- Brian Donaldson
- 15 May 2021
Unchallenging and uncomplicated telling of one woman's rise through the ranks of Ancient Rome
A powerful matriarch called Livia dominates all around her, thumbing a nose at the so-called men of influence in her orbit, and causing mischief and awkwardness wherever she goes. If this makes you think of Livia Soprano, the mother superior who consorted to have her son Tony killed, that's probably because David Chase chose Livia Drusilla as one of the major influences behind The Sopranos' grand matriarch. While the real Livia has played a back-seat role in previous historical TV dramas such as I, Claudius and Rome, she is afforded centre stage for Domina.
This eight-part series about Ancient Rome starts with a very modern theme tune, not long after we see a young woman stove a man's head in with a boulder. By the end of the episode we realise that this was Livia's savage act against a very bad man, immediately enlisting us to her cause. We see her rise from child bride to powerbroker to full-on leader, doing things both bad and good in order to avoid the accusation of being 'unRoman'.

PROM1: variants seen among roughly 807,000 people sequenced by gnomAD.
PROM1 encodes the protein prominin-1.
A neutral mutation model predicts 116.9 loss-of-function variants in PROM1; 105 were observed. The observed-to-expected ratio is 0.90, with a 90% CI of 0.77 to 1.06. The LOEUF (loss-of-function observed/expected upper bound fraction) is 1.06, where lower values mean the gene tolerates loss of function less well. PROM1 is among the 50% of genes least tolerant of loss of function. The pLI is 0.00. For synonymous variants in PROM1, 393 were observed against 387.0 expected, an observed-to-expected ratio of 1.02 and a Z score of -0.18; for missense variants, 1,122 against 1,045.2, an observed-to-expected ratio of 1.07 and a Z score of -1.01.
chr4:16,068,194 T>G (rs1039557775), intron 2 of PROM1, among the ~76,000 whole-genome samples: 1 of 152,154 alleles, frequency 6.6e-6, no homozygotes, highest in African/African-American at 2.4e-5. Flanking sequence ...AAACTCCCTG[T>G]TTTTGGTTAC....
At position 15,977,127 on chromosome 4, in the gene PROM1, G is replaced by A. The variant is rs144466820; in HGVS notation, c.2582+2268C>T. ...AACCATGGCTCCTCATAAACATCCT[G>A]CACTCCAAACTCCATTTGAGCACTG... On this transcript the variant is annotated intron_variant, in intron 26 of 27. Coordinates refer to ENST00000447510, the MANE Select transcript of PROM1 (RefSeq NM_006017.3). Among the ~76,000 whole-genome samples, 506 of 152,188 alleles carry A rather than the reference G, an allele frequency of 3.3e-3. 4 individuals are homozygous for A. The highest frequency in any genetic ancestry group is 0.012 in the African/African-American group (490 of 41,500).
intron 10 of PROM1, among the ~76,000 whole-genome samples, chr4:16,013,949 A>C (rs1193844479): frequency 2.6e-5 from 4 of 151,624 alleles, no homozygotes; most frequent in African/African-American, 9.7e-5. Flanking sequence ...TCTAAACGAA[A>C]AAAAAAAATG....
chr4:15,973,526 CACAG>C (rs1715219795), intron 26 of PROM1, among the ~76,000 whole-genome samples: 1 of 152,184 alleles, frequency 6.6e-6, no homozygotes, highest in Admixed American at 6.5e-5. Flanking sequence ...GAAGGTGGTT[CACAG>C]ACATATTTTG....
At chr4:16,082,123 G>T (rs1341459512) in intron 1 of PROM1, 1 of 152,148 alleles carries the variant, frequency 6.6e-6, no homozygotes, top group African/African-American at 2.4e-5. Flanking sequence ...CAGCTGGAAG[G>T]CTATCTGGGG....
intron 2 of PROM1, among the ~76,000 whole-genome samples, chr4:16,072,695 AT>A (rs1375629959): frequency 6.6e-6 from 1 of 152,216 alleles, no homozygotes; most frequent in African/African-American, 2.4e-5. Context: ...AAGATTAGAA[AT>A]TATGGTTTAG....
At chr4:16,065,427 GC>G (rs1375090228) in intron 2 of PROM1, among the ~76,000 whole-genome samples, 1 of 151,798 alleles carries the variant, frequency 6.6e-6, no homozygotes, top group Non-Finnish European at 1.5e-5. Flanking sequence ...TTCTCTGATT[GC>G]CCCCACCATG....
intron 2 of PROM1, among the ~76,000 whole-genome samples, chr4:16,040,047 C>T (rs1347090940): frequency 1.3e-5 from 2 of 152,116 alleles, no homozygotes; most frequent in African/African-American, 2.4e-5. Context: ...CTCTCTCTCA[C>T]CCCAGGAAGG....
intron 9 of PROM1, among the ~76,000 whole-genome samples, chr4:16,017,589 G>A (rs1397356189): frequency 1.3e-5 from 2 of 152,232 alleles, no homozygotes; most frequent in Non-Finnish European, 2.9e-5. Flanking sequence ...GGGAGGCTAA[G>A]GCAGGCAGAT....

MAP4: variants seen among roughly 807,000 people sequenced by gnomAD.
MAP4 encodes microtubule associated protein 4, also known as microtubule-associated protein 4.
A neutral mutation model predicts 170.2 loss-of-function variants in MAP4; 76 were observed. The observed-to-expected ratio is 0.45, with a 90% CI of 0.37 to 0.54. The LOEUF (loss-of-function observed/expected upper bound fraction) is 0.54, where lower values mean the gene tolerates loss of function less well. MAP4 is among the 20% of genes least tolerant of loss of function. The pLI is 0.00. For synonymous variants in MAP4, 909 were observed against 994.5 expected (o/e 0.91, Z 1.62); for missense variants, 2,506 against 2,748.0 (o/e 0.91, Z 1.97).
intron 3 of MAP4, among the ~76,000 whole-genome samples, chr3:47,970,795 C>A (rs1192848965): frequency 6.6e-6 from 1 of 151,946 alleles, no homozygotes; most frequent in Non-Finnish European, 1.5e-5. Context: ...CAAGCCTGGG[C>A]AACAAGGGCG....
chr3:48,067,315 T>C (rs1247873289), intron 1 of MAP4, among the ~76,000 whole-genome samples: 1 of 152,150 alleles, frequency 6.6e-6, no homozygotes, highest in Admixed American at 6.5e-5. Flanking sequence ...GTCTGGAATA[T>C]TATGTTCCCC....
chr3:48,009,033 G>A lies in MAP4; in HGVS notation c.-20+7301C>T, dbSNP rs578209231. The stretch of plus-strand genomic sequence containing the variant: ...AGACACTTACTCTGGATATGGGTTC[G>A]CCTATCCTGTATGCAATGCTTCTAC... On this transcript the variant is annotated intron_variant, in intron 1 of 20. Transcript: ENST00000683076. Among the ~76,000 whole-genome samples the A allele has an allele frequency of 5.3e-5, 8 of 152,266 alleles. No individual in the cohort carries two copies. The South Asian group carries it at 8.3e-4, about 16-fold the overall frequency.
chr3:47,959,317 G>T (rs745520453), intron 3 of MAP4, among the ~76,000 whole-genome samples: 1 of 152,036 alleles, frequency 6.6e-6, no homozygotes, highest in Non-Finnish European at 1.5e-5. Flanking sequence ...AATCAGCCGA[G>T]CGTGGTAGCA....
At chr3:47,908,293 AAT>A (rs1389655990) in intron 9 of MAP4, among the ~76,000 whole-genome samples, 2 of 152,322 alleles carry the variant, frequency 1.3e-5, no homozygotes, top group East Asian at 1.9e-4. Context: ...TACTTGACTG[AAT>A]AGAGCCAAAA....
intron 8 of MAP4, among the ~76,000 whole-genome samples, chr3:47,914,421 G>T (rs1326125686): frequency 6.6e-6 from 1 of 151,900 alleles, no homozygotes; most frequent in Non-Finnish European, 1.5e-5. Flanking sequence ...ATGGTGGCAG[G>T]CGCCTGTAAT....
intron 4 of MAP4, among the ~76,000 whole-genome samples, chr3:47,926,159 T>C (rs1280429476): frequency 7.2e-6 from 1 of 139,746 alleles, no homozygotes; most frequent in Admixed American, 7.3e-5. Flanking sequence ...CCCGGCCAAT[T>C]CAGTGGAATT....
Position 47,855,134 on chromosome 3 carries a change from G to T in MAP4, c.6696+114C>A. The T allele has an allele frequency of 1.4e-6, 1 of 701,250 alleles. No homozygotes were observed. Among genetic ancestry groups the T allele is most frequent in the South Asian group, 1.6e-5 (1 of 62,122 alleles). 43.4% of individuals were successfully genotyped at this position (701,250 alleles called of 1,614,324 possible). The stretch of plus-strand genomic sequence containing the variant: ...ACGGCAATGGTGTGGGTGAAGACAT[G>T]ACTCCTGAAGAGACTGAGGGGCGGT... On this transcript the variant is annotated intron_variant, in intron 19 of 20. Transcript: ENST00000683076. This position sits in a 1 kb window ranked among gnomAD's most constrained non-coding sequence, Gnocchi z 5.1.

Nadia Parkes and Kasia Smutniak play Livia as young and older (this casting means that her accent goes from polite middle Englander to a stronger European dialect) while the heavyweights come in the form of Isabella Rossellini as a brothel boss, and Liam Cunningham playing Livia's relatively forward-thinking father Livius who is accused of 'making the mistake of teaching his daughter how to think'. Against that progressive grain, Livius make a remark that can best be described as Ancient Rome's equivalent of a 1970s mother-in-law joke.
If you can get a handle on the flurry of Roman names being bandied about early on, you're unlikely to be too foxed by a narrative that has either been concisely crafted to a fine point or drastically dumbed-down. The various sides (essentially Republic v Empire) seem almost too well mapped out for a drama on a channel that usually provides its audience with a more rigorous struggle in keeping up with a plot. It may be the latest series to be 'the next Game Of Thrones', but this gore-light blockbuster is a little too easy on the eye and unchallenging for the brain to earn that title.